Tomorrow the the world will celebrate the 100th International Women's Day, but today the Supreme Court verdict rejected the mercy-killing petition of Aruna Ramchandra Shanbhag, filed by Pinky Virani the author of "Aruna's Story". In a country like India, "mercy killing" (whether passive or not) will definitely be misused by parties with vested interests and while I welcome the court's judgement on passive euthanasia, I can't help but wonder if India has done enough since then. As Usha writes, "In the 60s , Jayakantan wrote a story called “Agnipravesam” where a college girl is raped in a car on a dark rainy evening . On seeing her state when she reaches home, her poor widowed mother immediately senses what has happened. She takes her in and simply pours water on the girls head; then she tells her to treat the water as fire and feel pure again and forget the incident."


Thinking about Aruna, I am in two minds --one part of me wants her suffering to stop and it was really hard to not cry for her, for "what may have been" when I saw her hospital video being aired on every news channel, or while writing this entry, or while reading for the first time all those years ago -- Aruna's tragedy still evokes the same emotional reaction today as when I first heard heard her story all those years ago -- A pretty nurse, brutally raped by her subordinate, Sohanlal Bharatha Valmiki, as an act of revenge ; who has since 1980 been a free man -- free to marry and have a family of his own ; whose first act upon being released from jail in 1980 was to visit Aruna's room at KEM hospital and remove the bed guards, leading to her falling from the hospital bed. He probably thought Aruna would fall and die. She didnt. Presumably security was raised after this second incident and her co-nurses and doctors are her only visitors. Later the rapist moved out of the city and was last heard working in a NewDelhi hospital under an assumed name.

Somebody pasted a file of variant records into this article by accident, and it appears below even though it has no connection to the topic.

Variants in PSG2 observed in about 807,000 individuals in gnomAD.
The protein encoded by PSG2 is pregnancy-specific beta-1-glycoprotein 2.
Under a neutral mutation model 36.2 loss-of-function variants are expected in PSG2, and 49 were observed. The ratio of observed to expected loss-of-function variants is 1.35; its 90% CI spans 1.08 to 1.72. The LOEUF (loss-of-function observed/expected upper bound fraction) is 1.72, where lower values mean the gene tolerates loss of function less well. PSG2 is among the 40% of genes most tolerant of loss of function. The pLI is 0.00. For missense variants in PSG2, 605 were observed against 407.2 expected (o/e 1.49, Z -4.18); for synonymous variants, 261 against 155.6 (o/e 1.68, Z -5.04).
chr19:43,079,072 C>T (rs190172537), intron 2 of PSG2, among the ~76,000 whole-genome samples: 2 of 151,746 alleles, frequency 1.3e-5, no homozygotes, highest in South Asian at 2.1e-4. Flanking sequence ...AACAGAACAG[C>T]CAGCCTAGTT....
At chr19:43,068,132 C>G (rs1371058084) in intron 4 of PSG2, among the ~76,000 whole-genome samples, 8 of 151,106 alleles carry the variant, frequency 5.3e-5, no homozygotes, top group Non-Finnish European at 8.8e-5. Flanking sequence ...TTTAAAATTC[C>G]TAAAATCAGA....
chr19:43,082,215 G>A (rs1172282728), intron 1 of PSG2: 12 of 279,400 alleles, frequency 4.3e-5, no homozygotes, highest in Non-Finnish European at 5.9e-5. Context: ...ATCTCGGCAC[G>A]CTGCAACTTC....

I met a big learned pujari who said I had a sau mein ek patrika [a rare horoscope], that I’d be a success, will live long and would go abroad..... but even if he was talking rubbish it does not matter because I know that I will become known in my field -- That was the ambitious and dynamic 25-year-old Aruna, talking to her cousin about her career plans to pursue her dreams of studying abroad. Eerily, the soothsayer's predictions to her father did come true but I doubt if this was the kind of fame they would have wished for, nor expected.  Aruna, born on 1948June01, was the youngest daughter of the Shanbhag family -- consisting of her parents and siblings, six brothers and two sisters, all of who were more interested in extracting an apartment in Mumbai and financial compensation out of her tragedy. When that didnt materialize, they abandoned her to her fate.

For a woman who went against her family and rejected the life of abject poverty in the village, she did well as a nurse in Mumbai, met and fell in love with Dr.Sundeep Sardesai, who upon realising that Aruna would never be normal again, deserted her to marry another woman on 1974May01 and settled down abroad. If you knew and loved someone so deeply would you not feel any guilt for deserting them? I cannot help but wonder if Dr.Sardesai, even once, over these 37 years, ever wondered how Aruna is doing. His rejection makes me wonder if he had ever cared or loved her at all!

Apparently everyone in Aruna's life has moved on and is living a normal human life. There is no doubt that Aruna's hellish experience has made her suffer for 37 long years but mercy-killing? Killing someone who cannot make that decision for themselves isnt mercy. However which way I argue, it seems terribly unfair that others get to decide when Aruna should die. How do we have the right to make decisions on behalf of a person who, unfortunately, cannot decide for herself!